Graphite Investing News last checked in with Canada’s Focus Graphite (TSXV:FMS,OTCQX:FCSMF) back in January, when the company released an updated NI 43-101 mineral resource estimate for its Quebec-based Lac Knife flake graphite project.
Since then, Lac Knife has for the most part been out of the spotlight. That changed yesterday, however, when the company announced the results from coin cell tests done on spherical graphite created from Lac Knife’s flake.
What is spherical graphite?
Graphite market participants have almost certainly heard of amorphous, flake and vein graphite, but they may not yet be familiar with spherical graphite.
It’s made by mining medium- to large-flake graphite, then putting that material “through an expensive secondary process to turn the flake shape, which is flat, into a spherical shape,” Industrial Minerals’ Simon Moores explained to Graphite Investing News last November. Ultimately, it is used as anode material for lithium-ion batteries.
“Truly remarkable” results
The coin cell tests were done on “three proprietary formulations” of spherical graphite, states Focus, and it believes the results are “truly remarkable.” Notably, the company’s medium carbon-coated, spherical-grade graphite achieved a first cycle irreversible capacity loss of 1.44 percent, while that of its fine carbon-coated, spherical-grade graphite came in at 1.01 percent.
To put that into perspective, benchmark commercial-grade spherical graphite yielded an irreversible capacity loss of 6.5 percent, according to Focus.
Indeed, Dr. Joseph Doninger, Focus’ director of manufacturing and technology, is quoted in yesterday’s press release as saying, “[t]he Lac Knife premium medium and fine grades of coated SPG at 1.44% and 1.01% first cycle irreversible capacity losses and 0.48 and 1.14 m2/g surface areas are better than any similar sized SPGs that I’ve ever seen.”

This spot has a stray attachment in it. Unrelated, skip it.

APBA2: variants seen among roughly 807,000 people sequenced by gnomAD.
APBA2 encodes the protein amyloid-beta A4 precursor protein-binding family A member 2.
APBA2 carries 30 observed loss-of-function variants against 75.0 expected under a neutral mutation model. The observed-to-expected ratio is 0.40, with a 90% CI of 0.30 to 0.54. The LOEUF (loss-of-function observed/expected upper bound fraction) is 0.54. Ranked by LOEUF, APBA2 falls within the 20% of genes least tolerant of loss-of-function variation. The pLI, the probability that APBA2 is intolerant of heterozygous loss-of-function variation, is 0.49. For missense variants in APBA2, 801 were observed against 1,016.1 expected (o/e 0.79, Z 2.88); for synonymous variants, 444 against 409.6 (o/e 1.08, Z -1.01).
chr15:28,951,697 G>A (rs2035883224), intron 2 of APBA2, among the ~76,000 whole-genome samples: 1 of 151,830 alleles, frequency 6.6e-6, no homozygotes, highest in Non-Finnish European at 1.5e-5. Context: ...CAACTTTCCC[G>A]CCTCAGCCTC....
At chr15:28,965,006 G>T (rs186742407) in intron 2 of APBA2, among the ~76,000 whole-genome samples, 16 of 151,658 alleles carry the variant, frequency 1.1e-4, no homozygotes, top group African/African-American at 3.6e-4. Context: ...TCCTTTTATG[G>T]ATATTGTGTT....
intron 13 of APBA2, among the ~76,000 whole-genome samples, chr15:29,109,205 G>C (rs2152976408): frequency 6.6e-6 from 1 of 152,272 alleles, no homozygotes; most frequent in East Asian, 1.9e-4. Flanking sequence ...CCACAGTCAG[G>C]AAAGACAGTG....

Better batteries ahead?
Focus explains that those results are important because they may be the key to fixing a problem with using carbon-based materials in lithium-ion batteries. The issue is that using such materials “results in the formation of a Solid Electrolyte Interface” layer that then “produces an irreversible capacity loss.” In layman’s terms, that means lithium and graphite are wasted while efficiency is reduced and costs are increased.
That’s where Focus’ spherical graphite comes in. With its low irreversible capacity loss, the company’s product could lead to the development of longer-lasting and higher-capacity lithium-ion batteries. Increased safety is another plus.
In sum, said Don Baxter, president and COO of Focus, “[c]ommercially and competitively, these results open the door for Focus to confidently accelerate our plans to market and sell our battery grade, high margin products to potential partners and customers.” Moving forward, he sees the company, “continu[ing] with [its] vision of producing value added products.”
Securities Disclosure: I, Charlotte McLeod, hold no direct investment interest in any company mentioned in this article.
Editorial Disclosure: Focus Graphite is a client of the Investing News Network. This article is not paid-for content.